Seattle was hungry for an alternative motorcycle mecca and numbers grew quickly. Then The Station Bistro closed and we moved our headquarters to The Bit Saloon.
Next the Shelter Lounge opened up so we combined the two locations. Eventually the Bit closed for a while and changed ownership so it was back to the Shelter only for a while until The 2bit saloon opened their doors again. Next Hilliards Beer opened up shop and the Northwest Peaks Brewery too. This year we saw The 2 Bit close to become the new home of NW Peaks "The Bergschrund". Currently , The Hilliards Beer location changed hands and has temporarily closed down for the fall.
This is a pic of the very first Backfire Moto Shirt . Since then we have designed dozens of shirts that in the end was a great way to get the word out. Click here to see our shirt gallery and order one .
Heading into our 9th year we now see hundreds of bikes each event and a more varied turnout.
Yes, at times there are more generic bikes in the line up than we all would like to see but try to remember that these are riders coming out to see the interesting and unique bikes that Backfiremoto draws and it’s better that they ride out rather than drive out. Our mission statement remains the same. Everyone is welcome to show up and support our brand of bikes which is centered around the Cafe racer, rat bike and vintage categories.
Going into the future we hope to keep up the same goals of remaining a grass roots , DIY encouraging community that helps to bring attention to the alternative bike community in the PNW. We really don't want to change anything. Once again , THANKS! To all the great people who have been so supportive over the years and thanks to the venues who welcome us each month.
Sincerely, Todd, Sean and Sean at Backfiremoto.com
Early Backfire moto
Backfiremoto Number 4
November 19th 2008
The first few Backfiremoto events were quite small compared to the current turnout of hundreds of bikes each month. This winter has been pretty harsh so far in many ways . Reminiscing about those early events took me back to the first Backfire Winter when we kept it going through December in the snow, wind , rain and icy road conditions. A smaller core of us showed up to huddle around burn barrels to keep warm in the parking lot of “The Station” which is now “The shelter Lounge”. I was wishing that I had some pictures that captured the spirit of the early events when I remembered that a talented photographer and motorcycle enthusiast Darren Beatty had documented Backfire 4 . After searching through our old Myspace account and ancient e-mails , I was able to contact Darren and download the photos from his web site. http://www.darrenbeattyphotography.com/ . This is a great shot Darren took of the smoke of the burn barrel mixing with the people and the bikes.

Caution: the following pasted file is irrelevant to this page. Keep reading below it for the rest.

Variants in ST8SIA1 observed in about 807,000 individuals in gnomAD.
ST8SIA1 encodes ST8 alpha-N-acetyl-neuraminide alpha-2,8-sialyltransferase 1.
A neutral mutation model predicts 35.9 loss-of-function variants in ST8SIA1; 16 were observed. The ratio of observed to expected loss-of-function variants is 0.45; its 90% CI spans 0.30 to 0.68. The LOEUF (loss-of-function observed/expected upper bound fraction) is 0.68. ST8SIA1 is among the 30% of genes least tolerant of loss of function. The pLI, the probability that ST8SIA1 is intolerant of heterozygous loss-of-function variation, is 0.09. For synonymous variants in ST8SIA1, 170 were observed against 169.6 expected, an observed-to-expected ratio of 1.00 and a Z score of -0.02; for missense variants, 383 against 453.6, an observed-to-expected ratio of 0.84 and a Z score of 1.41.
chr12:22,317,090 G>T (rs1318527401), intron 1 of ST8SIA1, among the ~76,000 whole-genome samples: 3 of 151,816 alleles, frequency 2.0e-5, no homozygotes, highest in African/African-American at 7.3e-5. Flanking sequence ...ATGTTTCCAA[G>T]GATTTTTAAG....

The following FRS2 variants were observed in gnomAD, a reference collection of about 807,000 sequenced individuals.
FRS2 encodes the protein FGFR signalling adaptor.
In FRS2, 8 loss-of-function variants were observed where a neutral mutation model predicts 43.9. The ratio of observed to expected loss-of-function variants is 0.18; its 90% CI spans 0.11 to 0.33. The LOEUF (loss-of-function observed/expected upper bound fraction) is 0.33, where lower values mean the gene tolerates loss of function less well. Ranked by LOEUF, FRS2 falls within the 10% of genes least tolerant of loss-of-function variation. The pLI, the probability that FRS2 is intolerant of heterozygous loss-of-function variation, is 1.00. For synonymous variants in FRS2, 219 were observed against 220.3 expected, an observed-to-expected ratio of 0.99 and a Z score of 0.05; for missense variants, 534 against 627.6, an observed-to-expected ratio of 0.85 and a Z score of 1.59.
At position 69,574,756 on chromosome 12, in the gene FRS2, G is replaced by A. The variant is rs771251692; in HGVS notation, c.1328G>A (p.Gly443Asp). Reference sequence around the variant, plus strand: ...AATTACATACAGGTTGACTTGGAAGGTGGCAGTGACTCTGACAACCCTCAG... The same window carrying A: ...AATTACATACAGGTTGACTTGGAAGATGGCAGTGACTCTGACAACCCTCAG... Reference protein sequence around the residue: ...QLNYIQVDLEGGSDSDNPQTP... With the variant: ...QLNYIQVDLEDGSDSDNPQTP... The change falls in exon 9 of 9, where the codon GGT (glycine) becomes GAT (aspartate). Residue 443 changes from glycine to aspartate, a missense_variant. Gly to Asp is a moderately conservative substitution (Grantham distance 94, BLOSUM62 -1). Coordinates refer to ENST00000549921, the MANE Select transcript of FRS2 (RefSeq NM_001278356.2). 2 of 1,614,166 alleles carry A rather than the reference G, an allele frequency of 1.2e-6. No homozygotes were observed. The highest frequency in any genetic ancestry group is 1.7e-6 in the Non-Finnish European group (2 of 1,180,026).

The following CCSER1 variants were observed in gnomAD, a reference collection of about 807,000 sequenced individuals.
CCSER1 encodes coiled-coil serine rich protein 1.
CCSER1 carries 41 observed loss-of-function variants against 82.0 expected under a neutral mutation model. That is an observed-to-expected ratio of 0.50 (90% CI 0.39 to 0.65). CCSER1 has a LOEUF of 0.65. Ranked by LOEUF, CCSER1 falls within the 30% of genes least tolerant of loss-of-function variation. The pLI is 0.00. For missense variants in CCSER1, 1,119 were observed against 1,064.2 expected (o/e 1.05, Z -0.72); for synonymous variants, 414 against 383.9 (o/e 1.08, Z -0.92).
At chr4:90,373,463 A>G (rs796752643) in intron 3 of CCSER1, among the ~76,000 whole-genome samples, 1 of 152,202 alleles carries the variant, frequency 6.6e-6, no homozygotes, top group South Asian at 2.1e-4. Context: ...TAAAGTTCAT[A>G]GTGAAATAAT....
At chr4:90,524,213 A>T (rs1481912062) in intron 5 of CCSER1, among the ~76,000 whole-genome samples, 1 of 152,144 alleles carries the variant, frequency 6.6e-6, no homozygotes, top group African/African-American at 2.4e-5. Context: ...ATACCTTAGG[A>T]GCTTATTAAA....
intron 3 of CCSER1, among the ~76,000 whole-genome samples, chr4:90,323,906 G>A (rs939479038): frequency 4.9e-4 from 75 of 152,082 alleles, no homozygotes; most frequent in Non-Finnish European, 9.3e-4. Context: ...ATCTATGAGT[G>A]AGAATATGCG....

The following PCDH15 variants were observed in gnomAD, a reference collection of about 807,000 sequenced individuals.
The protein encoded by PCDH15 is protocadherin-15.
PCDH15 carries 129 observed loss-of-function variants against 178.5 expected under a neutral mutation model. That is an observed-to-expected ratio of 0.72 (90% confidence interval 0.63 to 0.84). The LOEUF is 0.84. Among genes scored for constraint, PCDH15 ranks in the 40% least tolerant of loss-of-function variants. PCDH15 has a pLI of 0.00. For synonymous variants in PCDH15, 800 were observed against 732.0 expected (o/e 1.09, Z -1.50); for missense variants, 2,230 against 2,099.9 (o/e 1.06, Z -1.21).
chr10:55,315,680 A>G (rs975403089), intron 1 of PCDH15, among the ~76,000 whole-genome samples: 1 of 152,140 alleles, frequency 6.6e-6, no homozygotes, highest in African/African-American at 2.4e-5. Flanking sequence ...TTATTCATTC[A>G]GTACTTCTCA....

We don’t do the burn barrel anymore but those days were fun. Actually it melted a hole in The Station’s asphalt parking lot .
Coincidentally , The Shelter Lounge now has a cozy gas fireplace in the same location that we used to have the burn barrels.
The following photos are more of Darren Beatty’s photo collection and then a few photos by Todd Werny and a pic of the Poster and the T-shirt from Backfire #4 . If you click on the shirt it will take you to our t-shirt shop if you would like to buy one.
Blonde dynamite !
We had some nice cafed mopeds show up that night….
Thanks again Mr. Beatty for the great shots of a classic moment in Backfiremoto history. Although Backfire is a lot larger now , usually if you stay late at one of the venues you can experience the camaraderie and conversation with other PNW riders who share similar motorcycle interests .
Backfiremoto winds down as someone kickstarts their bike on that cold night.
And now a few shots by Todd Werny and a pic of the T-shirt from Backfire#4 and the poster.
Chris hops on his bike….
Yours Truly on the left ….
Pic of the “Bit Saloon” before it was the “Two Bit “ and now the “Bergstrund”.
Nice walk down memory lane ! See you in the spring! Todd , Sean , and Sean at www.BackfireMoto.com